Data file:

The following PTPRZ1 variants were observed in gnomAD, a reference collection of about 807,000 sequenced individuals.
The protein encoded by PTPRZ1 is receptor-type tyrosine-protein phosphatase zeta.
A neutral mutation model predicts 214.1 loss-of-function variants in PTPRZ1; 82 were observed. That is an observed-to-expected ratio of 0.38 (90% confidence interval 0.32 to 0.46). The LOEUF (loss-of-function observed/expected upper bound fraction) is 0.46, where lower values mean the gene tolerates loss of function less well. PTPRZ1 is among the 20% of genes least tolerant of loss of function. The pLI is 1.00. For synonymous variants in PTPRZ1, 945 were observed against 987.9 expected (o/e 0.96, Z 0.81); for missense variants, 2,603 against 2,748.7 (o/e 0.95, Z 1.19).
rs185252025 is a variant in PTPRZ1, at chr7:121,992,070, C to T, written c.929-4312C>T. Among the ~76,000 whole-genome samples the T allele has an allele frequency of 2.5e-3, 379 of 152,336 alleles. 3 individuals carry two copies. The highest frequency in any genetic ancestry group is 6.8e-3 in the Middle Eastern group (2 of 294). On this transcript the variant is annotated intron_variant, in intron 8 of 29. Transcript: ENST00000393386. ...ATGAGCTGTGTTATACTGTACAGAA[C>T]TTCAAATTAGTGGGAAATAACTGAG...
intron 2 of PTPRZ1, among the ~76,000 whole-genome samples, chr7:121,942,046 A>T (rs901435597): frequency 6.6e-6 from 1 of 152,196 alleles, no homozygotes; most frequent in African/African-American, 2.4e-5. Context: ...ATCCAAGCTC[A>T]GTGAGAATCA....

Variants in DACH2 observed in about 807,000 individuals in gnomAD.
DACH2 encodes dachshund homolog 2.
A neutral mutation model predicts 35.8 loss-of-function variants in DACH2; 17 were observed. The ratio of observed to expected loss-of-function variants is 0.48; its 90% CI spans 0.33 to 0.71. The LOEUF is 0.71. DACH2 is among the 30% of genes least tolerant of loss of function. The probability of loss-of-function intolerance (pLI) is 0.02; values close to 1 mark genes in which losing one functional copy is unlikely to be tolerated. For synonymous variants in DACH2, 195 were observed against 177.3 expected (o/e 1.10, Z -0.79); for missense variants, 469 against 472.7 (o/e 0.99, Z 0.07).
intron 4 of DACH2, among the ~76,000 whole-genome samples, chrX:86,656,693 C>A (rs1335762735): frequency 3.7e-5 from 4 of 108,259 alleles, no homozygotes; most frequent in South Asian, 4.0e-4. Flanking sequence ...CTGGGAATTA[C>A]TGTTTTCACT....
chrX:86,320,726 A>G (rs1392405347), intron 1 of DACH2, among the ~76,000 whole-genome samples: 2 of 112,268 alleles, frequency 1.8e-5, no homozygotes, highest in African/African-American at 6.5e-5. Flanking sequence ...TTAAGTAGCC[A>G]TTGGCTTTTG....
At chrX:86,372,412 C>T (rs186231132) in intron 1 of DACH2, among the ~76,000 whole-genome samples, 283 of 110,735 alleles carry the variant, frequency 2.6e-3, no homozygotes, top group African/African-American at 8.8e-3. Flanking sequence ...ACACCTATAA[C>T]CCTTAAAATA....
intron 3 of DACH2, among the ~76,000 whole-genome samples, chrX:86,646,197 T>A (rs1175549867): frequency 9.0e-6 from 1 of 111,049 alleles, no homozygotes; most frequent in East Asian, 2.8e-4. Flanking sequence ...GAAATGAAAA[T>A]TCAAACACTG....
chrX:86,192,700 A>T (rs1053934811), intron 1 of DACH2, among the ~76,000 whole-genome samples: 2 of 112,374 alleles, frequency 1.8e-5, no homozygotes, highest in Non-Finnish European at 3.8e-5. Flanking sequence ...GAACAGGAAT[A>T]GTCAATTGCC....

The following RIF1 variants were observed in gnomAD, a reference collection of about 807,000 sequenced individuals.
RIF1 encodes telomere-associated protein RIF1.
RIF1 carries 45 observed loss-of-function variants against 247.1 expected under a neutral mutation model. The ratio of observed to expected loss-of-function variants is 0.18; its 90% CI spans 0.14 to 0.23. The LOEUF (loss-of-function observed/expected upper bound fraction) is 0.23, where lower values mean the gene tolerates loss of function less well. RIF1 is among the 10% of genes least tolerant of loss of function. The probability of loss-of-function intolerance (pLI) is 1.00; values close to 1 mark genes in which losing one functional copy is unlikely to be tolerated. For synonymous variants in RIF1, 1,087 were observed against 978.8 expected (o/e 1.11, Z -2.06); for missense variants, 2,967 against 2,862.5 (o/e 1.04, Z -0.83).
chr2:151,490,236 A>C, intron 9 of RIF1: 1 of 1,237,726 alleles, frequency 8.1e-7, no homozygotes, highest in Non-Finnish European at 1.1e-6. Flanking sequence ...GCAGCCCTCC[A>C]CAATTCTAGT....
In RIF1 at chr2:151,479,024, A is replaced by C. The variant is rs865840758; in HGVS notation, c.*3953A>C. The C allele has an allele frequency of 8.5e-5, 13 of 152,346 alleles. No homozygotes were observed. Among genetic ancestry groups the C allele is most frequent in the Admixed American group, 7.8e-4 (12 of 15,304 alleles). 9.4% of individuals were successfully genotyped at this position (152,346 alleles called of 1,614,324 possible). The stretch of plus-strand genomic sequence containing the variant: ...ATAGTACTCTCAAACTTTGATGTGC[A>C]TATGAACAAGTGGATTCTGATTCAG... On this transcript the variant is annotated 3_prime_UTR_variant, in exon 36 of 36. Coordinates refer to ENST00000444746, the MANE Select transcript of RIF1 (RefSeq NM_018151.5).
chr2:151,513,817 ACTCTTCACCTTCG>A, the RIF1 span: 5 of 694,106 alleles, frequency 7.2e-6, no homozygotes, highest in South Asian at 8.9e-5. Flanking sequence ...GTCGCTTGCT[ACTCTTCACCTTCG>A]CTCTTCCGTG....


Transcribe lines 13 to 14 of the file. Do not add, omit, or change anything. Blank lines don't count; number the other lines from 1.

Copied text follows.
chrX:86,192,700 A>T (rs1053934811), intron 1 of DACH2, among the ~76,000 whole-genome samples: 2 of 112,374 alleles, frequency 1.8e-5, no homozygotes, highest in Non-Finnish European at 3.8e-5. Flanking sequence ...GAACAGGAAT[A>T]GTCAATTGCC....

The following RIF1 variants were observed in gnomAD, a reference collection of about 807,000 sequenced individuals.